Controlling LEDs With The Ciseco Slice of Pi/O – Part 1

Controlling LEDs With The Ciseco Slice Of Pi/O – Part 1The Ciseco Slice of PI/O

When I’m not playing with my Raspberry Pi, I like to play roller/ice hockey with my now-disbanded team.

One thing we struggle to keep track of is the score, and this week I decided the Raspberry Pi would be the solution. In my head this was something as simple as a wooden board, with a couple of heavy duty buttons to register new goals, and some way of displaying the score.
Being new to the Pi and Python, I decided that this needed to be something primitive and simple. Any form of complex LCD screen/LED matrix to show ‘actual numbers’ for the score was out of the question this early in my Raspberry career.
I decided that I would create a simple grid of scores, with an LED lighting up the current score for each team.
Considering that our goalies have been known to let in up to 20 pucks in a game, I needed around 40 GPIO pins to drive LEDs for each score. 

That wasn’t going to happen with a standard Raspberry Pi with just 8 general GPIO pins. You can make other pins act as GPIO, and you can also add a P5 header (I’ll do a separate blog on that), but even then I still wouldn’t have enough.
After some research it looked like the Ciseco ‘Slice of Pi/O board’ could solve my problem. The board is a variation of their ‘Slice of Pi’ board, and comes with an MCP23017 chip as part of the self-solder kit:
The MCP23017 is…well…it’s a chip – I told you earlier I’m new to this. One thing I do know is that it gives you 16 additional inputs/outputs via the I2C – that sounded like a step in the right direction for my project (40…16…close enough…), so as always I jumped right in and ordered one. (You’ll probably want to know more about the chip – go HERE if you do)
Building the Slice of Pi/O

The Slice of Pi/O comes as a kit so you will need basic soldering skills here. 

The build instructions on Ciseco’s website are very good so I won’t cover that part. It is however worth mentioning that for my project example, following the Ciseco guide, I used the power jumper on the 3.3V line and soldered the pads for address 0x20 as shown in the image below, taken from the guide:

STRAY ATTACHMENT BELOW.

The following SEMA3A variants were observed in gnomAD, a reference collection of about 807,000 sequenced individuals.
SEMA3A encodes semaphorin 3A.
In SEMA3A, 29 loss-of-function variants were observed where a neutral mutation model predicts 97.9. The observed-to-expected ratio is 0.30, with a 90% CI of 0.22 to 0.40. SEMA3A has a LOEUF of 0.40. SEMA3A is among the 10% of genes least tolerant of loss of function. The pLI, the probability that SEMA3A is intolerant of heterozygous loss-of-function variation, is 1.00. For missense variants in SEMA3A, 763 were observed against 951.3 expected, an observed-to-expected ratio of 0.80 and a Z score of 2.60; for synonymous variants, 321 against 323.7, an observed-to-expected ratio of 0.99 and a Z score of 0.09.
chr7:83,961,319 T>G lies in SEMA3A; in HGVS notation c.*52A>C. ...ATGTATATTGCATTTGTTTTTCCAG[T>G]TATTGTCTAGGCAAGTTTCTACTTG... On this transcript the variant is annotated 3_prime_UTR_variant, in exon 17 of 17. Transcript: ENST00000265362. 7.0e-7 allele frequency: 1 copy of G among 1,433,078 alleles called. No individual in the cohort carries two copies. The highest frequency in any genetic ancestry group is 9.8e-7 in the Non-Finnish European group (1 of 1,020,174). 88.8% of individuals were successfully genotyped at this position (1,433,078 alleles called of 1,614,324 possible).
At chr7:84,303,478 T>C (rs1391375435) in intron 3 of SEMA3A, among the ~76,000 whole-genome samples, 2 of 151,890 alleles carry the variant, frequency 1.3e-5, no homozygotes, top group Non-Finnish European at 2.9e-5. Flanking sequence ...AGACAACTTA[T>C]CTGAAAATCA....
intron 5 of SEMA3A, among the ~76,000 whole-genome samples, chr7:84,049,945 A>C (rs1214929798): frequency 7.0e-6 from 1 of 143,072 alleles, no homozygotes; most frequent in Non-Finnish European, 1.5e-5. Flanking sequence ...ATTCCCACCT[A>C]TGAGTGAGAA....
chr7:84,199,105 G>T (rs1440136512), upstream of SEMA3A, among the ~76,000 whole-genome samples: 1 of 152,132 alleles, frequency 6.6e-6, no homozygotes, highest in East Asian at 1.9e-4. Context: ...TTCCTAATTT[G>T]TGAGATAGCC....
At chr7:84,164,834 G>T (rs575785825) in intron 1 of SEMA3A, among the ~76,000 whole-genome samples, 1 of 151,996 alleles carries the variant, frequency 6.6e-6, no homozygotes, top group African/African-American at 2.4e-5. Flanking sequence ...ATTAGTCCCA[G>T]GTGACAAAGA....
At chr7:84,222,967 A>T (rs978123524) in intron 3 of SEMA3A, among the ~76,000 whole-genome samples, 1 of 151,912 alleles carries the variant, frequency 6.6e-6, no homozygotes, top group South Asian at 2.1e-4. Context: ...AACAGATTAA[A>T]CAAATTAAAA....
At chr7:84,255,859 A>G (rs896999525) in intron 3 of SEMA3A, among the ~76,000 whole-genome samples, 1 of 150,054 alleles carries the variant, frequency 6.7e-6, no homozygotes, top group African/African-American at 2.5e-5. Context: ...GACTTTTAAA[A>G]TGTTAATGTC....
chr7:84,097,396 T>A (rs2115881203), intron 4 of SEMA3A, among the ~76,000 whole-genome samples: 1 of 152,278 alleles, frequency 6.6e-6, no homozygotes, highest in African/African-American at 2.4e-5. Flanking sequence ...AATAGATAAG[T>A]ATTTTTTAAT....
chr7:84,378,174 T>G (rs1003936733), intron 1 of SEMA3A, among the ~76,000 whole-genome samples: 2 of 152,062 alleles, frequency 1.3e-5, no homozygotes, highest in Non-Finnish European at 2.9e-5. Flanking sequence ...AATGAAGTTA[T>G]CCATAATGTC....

Slice of PiO address

Setting the address to 0x20

System configuration

OK, board soldered – now to make sure the Pi has the necessary ‘brains’ to make it work, as this isn’t enabled as standard. Using Google I managed to find excellent instructions for this part (Thanks raspberrypi-spy) . You need to do the following in Terminal:

Edit the modules file

Type this in Terminal and press ‘enter’:

sudo nano /etc/modules

Now just add these lines:



To save those new lines, use Ctrl+X, then hit Y, then press Enter. Sorted.

Edit the modules blacklist file

Type this in Terminal and press ‘enter’:

sudo nano /etc/modprobe.d/raspi-blacklist.conf

There should be 2 lines of text in this file already, and we need to put a # in front of them to ‘turn them off’ as such (to stop the Pi from blacklisting these). You should end up with them looking like this:

#blacklist spi-bcm2708

#blacklist i2c-bcm2708
To save those line changes, use Ctrl+X, then hit Y, then press Enter again. Happy days.

Install I2C utilities

Final bit of code to mess around with now – nearly there. Type this in Terminal and press ‘enter’:

sudo apt-get install python-smbus i2c-tools

Let it do its thing – wait for Terminal to finish. Once that’s complete, reboot your Pi using:
sudo reboot

Test It!

It’s not that I’m lacking confidence or anything…but it’s good practice to do a little test now to make sure your Pi has the I2C utilities working and recognises the MCP23017 chip connected to your Slice of Pi/O.
It’s as easy as typing a line of code:
If you’re a bit old school have a Rev 1 Raspberry, type this in Terminal:

sudo i2cdetect -y 0

If you’re lucky enough to have the more recent Rev2 board, pop this in Terminal instead:

sudo i2cdetect -y 1

If you soldered the same address pad/pin as me (0x20), you should get this:
     0  1  2  3  4  5  6  7  8  9  a  b  c  d  e  f
00:          -- -- -- -- -- -- -- -- -- -- -- -- --
10: -- -- -- -- -- -- -- -- -- -- -- -- -- -- -- --
20: 20 -- -- -- -- -- -- -- -- -- -- -- -- -- -- --
30: -- -- -- -- -- -- -- -- -- -- -- -- -- -- -- --
40: -- -- -- -- -- -- -- -- -- -- -- -- -- -- -- --
50: -- -- -- -- -- -- -- -- -- -- -- -- -- -- -- --
60: -- -- -- -- -- -- -- -- -- -- -- -- -- -- -- --
70: -- -- -- -- -- -- -- --
(I will cover the use of other addresses in a future blog when I start daisy-chaining these chips)

Part 1 complete!

That’s the Pi and Slice of Pi/O set up and ready, minus some physical testing with an LED. If you’ve managed to get it all working, give yourselves a tap on the back and crack open a beer – you’ve achieved something today!
I’ll cover some physical (LED) testing in Part 2 as well as going through a simple Python script to show the MCP23017 outputs in action.
Thanks to for their excellent tutorial – the best on the web for this board!

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